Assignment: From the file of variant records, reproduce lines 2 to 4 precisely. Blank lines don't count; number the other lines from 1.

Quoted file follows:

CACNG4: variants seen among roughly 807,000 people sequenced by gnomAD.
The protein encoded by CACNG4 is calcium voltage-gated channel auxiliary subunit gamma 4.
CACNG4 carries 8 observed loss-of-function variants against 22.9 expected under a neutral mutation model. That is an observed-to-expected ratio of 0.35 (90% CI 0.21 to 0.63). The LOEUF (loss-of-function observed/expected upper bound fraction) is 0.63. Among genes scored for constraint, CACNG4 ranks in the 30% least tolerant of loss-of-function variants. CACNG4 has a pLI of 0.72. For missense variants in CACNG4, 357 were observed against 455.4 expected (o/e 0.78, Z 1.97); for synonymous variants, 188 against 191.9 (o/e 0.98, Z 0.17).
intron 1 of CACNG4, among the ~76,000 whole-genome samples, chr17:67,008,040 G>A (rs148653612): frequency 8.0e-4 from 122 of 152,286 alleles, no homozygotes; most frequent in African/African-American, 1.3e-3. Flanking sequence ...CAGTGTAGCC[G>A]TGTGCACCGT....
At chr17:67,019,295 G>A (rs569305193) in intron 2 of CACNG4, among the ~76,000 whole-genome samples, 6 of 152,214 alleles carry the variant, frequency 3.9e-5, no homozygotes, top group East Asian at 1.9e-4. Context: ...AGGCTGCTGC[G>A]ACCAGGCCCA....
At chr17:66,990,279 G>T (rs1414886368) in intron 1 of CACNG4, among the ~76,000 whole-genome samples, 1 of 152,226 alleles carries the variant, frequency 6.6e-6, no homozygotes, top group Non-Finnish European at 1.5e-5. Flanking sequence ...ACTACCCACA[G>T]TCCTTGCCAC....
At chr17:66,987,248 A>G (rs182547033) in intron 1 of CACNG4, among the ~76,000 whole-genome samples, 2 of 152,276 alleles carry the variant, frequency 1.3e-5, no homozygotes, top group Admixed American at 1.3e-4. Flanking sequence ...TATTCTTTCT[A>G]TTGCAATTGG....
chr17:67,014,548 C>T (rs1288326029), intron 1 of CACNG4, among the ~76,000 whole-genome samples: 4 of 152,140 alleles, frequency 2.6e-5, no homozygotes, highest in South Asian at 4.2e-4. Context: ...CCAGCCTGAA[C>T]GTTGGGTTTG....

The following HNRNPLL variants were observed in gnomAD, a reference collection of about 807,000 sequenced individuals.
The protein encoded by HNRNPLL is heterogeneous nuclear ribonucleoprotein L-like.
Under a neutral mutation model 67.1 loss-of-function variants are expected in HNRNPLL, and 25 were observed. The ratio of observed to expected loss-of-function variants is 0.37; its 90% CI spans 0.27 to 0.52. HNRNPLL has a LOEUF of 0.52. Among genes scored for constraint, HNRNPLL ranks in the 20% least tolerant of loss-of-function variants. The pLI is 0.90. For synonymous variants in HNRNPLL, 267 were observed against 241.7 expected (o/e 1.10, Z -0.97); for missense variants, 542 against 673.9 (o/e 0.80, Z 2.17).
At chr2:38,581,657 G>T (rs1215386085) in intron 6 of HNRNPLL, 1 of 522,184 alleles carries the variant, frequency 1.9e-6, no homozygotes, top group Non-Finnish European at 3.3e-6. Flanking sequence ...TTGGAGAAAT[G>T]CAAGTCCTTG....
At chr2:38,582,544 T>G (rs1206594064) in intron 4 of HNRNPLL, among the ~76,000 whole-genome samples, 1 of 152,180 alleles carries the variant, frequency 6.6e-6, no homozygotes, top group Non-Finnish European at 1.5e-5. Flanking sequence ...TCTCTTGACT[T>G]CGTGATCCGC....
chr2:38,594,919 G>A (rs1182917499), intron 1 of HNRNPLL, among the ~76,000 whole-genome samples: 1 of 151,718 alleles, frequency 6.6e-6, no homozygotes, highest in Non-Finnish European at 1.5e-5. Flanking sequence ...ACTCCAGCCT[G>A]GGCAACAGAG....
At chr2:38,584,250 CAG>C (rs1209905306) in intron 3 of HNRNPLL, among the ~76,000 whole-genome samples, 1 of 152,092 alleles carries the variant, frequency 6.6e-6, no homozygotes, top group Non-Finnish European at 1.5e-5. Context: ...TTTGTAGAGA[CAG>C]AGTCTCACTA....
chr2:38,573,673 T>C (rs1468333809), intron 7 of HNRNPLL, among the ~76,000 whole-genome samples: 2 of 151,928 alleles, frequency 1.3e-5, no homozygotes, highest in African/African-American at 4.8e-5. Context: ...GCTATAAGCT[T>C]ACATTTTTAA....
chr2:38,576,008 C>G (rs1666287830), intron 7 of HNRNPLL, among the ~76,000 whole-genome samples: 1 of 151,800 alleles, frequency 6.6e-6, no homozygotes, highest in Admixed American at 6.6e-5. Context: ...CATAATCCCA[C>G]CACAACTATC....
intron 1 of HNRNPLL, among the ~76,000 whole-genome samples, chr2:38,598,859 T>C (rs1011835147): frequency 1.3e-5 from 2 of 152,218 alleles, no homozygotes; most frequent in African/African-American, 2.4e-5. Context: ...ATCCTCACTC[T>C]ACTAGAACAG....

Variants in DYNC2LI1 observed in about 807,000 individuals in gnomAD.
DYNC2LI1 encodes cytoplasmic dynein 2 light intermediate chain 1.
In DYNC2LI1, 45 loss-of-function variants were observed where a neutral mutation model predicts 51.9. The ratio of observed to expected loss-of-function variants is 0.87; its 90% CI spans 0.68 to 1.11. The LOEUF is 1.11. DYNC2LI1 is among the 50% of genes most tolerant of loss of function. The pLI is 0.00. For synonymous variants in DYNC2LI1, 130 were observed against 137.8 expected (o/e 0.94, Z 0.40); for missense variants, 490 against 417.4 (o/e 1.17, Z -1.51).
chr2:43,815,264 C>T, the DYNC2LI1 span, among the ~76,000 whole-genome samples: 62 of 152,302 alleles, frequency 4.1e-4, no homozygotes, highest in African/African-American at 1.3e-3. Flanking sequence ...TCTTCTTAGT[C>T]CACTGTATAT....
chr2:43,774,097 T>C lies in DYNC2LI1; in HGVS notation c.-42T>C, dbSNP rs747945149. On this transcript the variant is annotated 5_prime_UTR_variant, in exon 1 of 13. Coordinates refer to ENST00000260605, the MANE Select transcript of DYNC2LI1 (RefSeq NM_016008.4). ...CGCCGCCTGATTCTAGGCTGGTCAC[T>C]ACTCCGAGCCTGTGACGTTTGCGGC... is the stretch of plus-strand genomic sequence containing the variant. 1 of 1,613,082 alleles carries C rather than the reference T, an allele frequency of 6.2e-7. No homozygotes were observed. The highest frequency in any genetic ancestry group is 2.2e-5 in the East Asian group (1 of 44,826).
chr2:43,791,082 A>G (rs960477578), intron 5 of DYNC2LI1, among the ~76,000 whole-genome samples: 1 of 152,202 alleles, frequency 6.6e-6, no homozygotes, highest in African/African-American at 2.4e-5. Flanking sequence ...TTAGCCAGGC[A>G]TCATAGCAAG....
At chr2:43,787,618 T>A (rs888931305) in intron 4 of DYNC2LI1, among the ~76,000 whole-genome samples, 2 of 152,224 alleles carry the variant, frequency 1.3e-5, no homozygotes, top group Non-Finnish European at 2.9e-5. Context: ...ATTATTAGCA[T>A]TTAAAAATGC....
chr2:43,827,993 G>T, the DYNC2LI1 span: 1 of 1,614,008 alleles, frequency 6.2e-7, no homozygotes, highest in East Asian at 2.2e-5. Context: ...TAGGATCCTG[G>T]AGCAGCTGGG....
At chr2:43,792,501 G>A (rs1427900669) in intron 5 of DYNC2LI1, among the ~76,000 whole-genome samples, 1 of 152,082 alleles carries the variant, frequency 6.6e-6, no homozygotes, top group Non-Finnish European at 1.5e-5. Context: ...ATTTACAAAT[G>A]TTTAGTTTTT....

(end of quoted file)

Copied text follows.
The protein encoded by CACNG4 is calcium voltage-gated channel auxiliary subunit gamma 4.
CACNG4 carries 8 observed loss-of-function variants against 22.9 expected under a neutral mutation model. That is an observed-to-expected ratio of 0.35 (90% CI 0.21 to 0.63). The LOEUF (loss-of-function observed/expected upper bound fraction) is 0.63. Among genes scored for constraint, CACNG4 ranks in the 30% least tolerant of loss-of-function variants. CACNG4 has a pLI of 0.72. For missense variants in CACNG4, 357 were observed against 455.4 expected (o/e 0.78, Z 1.97); for synonymous variants, 188 against 191.9 (o/e 0.98, Z 0.17).
intron 1 of CACNG4, among the ~76,000 whole-genome samples, chr17:67,008,040 G>A (rs148653612): frequency 8.0e-4 from 122 of 152,286 alleles, no homozygotes; most frequent in African/African-American, 1.3e-3. Flanking sequence ...CAGTGTAGCC[G>A]TGTGCACCGT....